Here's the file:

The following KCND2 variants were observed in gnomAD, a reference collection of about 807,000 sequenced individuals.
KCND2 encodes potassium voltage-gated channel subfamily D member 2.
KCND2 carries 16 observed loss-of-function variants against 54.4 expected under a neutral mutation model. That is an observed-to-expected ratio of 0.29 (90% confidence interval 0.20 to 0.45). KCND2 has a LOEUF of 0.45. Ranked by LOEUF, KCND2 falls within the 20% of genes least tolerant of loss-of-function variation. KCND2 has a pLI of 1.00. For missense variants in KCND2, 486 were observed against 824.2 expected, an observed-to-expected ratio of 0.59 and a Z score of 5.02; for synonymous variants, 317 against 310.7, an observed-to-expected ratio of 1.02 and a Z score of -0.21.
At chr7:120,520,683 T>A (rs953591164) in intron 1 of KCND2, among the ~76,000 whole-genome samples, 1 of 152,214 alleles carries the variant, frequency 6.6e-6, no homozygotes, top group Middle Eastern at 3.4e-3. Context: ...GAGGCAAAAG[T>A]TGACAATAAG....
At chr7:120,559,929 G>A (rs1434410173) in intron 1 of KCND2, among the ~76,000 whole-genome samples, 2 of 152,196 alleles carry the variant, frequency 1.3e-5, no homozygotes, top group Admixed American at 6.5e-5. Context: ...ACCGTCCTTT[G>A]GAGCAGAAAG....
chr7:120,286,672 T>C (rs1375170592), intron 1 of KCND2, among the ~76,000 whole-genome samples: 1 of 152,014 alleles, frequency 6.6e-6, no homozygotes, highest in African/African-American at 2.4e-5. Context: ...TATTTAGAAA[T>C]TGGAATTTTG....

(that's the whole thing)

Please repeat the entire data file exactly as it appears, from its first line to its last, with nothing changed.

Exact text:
The following KCND2 variants were observed in gnomAD, a reference collection of about 807,000 sequenced individuals.
KCND2 encodes potassium voltage-gated channel subfamily D member 2.
KCND2 carries 16 observed loss-of-function variants against 54.4 expected under a neutral mutation model. That is an observed-to-expected ratio of 0.29 (90% confidence interval 0.20 to 0.45). KCND2 has a LOEUF of 0.45. Ranked by LOEUF, KCND2 falls within the 20% of genes least tolerant of loss-of-function variation. KCND2 has a pLI of 1.00. For missense variants in KCND2, 486 were observed against 824.2 expected, an observed-to-expected ratio of 0.59 and a Z score of 5.02; for synonymous variants, 317 against 310.7, an observed-to-expected ratio of 1.02 and a Z score of -0.21.
At chr7:120,520,683 T>A (rs953591164) in intron 1 of KCND2, among the ~76,000 whole-genome samples, 1 of 152,214 alleles carries the variant, frequency 6.6e-6, no homozygotes, top group Middle Eastern at 3.4e-3. Context: ...GAGGCAAAAG[T>A]TGACAATAAG....
At chr7:120,559,929 G>A (rs1434410173) in intron 1 of KCND2, among the ~76,000 whole-genome samples, 2 of 152,196 alleles carry the variant, frequency 1.3e-5, no homozygotes, top group Admixed American at 6.5e-5. Context: ...ACCGTCCTTT[G>A]GAGCAGAAAG....
chr7:120,286,672 T>C (rs1375170592), intron 1 of KCND2, among the ~76,000 whole-genome samples: 1 of 152,014 alleles, frequency 6.6e-6, no homozygotes, highest in African/African-American at 2.4e-5. Context: ...TATTTAGAAA[T>C]TGGAATTTTG....